Crash exposes comet's inner secrets
Jul 4, 2005
NASA's "Deep Impact" probe successfully crashed into comet Tempel 1 at 06.52 GMT this morning -- the first time that a comet has ever been penetrated. The probe -- roughly the size of a washing machine -- was released by its mothership on Sunday morning after a 172-day journey from Earth, producing a large city-sized crater and a huge icy plume. Results sent back from the $333m mission will allow scientists to study the interior of a comet in more detail than ever before. The information could even shed light on how our solar system formed and how life on Earth developed.
Comets are the "undercooked leftovers" that remained after clouds of dust and gas condensed to form the Sun and planets some 4.5 billion years ago. Unlike other objects in the solar system, comets have barely changed with time and contain pristine material from the early days of the solar system. Composed of ice, dust and gas, they are often known as "dirty snowballs". Some scientists believe that comets could have brought with them the carbon-based organic molecules needed to start life on our planet.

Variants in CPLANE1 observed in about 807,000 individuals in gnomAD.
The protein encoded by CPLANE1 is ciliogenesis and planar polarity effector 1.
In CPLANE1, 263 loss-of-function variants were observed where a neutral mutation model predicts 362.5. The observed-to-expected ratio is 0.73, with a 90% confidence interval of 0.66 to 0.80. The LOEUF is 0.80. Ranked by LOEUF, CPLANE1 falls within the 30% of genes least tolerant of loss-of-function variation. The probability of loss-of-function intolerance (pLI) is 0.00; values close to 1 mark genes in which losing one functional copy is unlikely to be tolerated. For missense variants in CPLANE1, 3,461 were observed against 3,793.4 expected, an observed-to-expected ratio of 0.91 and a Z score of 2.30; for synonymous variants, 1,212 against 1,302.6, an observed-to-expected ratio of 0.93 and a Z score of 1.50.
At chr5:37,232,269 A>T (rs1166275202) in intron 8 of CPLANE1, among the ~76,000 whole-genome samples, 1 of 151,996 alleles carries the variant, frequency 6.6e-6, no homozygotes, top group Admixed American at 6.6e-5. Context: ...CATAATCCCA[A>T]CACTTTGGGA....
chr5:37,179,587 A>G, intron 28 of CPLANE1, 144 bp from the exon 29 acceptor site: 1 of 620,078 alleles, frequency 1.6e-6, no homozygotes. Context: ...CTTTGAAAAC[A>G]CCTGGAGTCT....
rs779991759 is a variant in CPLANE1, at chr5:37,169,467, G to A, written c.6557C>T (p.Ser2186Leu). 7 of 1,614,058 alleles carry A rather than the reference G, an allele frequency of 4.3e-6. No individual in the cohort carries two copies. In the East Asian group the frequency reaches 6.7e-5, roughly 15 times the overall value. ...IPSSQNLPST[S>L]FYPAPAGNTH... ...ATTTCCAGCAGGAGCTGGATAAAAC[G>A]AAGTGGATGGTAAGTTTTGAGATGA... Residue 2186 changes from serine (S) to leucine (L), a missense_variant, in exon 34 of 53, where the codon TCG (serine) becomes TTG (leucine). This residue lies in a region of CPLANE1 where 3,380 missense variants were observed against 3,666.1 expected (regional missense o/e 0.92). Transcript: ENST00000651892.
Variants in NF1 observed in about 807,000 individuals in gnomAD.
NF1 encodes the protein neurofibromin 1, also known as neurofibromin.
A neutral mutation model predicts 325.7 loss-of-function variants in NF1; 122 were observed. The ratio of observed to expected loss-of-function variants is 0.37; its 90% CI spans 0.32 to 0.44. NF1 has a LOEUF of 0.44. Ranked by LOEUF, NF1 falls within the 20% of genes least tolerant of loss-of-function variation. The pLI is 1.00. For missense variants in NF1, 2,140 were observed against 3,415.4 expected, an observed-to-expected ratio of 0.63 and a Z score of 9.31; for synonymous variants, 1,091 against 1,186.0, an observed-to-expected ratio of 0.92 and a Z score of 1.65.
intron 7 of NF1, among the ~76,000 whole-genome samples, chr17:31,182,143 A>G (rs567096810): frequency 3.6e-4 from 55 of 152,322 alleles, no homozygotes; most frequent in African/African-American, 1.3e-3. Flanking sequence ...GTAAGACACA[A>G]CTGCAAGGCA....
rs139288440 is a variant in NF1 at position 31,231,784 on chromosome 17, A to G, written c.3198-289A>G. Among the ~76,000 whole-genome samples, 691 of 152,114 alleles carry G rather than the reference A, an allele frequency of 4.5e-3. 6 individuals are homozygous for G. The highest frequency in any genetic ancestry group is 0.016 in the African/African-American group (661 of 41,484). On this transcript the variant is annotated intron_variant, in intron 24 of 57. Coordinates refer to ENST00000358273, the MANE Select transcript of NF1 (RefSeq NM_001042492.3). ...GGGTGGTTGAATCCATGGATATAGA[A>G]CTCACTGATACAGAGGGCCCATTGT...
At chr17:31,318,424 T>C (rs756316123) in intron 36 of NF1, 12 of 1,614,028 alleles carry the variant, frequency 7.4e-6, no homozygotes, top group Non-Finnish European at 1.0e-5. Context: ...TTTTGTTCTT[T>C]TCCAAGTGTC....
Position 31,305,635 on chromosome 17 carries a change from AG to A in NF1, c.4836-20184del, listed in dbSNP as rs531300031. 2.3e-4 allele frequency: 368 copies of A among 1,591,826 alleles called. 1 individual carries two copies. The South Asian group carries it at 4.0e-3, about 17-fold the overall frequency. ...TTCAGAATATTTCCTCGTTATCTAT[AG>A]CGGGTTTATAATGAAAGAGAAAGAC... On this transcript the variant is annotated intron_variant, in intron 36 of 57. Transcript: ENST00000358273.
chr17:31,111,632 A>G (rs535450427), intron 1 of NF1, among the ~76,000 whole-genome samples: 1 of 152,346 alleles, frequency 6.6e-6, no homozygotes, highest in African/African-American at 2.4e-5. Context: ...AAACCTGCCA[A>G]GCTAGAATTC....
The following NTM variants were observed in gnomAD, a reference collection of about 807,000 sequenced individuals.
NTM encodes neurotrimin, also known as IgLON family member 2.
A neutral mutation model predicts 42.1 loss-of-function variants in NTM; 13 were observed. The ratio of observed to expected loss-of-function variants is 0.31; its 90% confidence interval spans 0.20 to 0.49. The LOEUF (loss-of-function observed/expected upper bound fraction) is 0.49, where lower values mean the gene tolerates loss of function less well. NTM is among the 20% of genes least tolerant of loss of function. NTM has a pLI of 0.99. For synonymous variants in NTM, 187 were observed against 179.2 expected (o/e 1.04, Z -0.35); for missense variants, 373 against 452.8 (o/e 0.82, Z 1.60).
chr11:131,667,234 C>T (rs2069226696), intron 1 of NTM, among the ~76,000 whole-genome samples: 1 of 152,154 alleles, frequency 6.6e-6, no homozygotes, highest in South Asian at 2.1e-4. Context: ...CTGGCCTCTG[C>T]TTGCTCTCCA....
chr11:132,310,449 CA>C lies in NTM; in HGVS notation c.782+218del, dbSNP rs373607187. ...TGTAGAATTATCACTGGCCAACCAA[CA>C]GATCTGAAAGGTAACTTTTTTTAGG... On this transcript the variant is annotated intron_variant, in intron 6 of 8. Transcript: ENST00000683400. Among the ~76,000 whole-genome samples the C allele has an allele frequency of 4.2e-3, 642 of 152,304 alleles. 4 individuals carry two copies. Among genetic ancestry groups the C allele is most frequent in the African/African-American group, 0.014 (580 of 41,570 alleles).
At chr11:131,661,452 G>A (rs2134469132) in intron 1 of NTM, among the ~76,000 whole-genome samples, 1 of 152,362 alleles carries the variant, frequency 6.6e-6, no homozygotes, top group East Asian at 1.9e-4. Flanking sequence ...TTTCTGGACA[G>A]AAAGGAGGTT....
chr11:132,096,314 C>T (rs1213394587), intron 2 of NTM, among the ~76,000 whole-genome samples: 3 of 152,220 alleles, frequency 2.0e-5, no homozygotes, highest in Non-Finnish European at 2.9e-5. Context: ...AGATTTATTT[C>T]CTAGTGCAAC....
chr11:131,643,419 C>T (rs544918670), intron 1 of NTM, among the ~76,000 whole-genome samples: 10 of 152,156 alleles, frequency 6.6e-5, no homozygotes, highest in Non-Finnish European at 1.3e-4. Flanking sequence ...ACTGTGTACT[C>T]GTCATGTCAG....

The first pictures of Deep Impact's collision with Tempel 1, which took place in the outer reaches of the solar system some 133 million kilometres from Earth, showed clouds of dust and ice being ejected from the impact site (see figure). The impact was designed to disturb material inside the comet so that it could be analysed by the instruments on board the mothership, which include an infrared and a radio camera.
At the moment the collision took place, the flyby spacecraft was monitoring events from safe distance of 500 km from the comet's surface. For the following 14 minutes the flyby collected data as the comet approached. Then it stopped collecting data and entered a defensive posture called "shield mode" where its dust shields protect the spacecraft's vital components during its closest passage through the comet's inner "coma".
Space-based observatories, including the Hubble Space Telescope, the Chandra X-ray Observatory and the Spitzer telescope also monitored the event, together with many ground-based telescopes. Meanwhile, the European Space Agency's own comet chaser, called Rosetta, surveyed the collision at a distance of 80 million kilometres from the crash. Rosetta will reach its target -- comet Churyumov Gerasimenko (CG) -- in 2014. The results from this mission will complement those obtained by Deep Impact.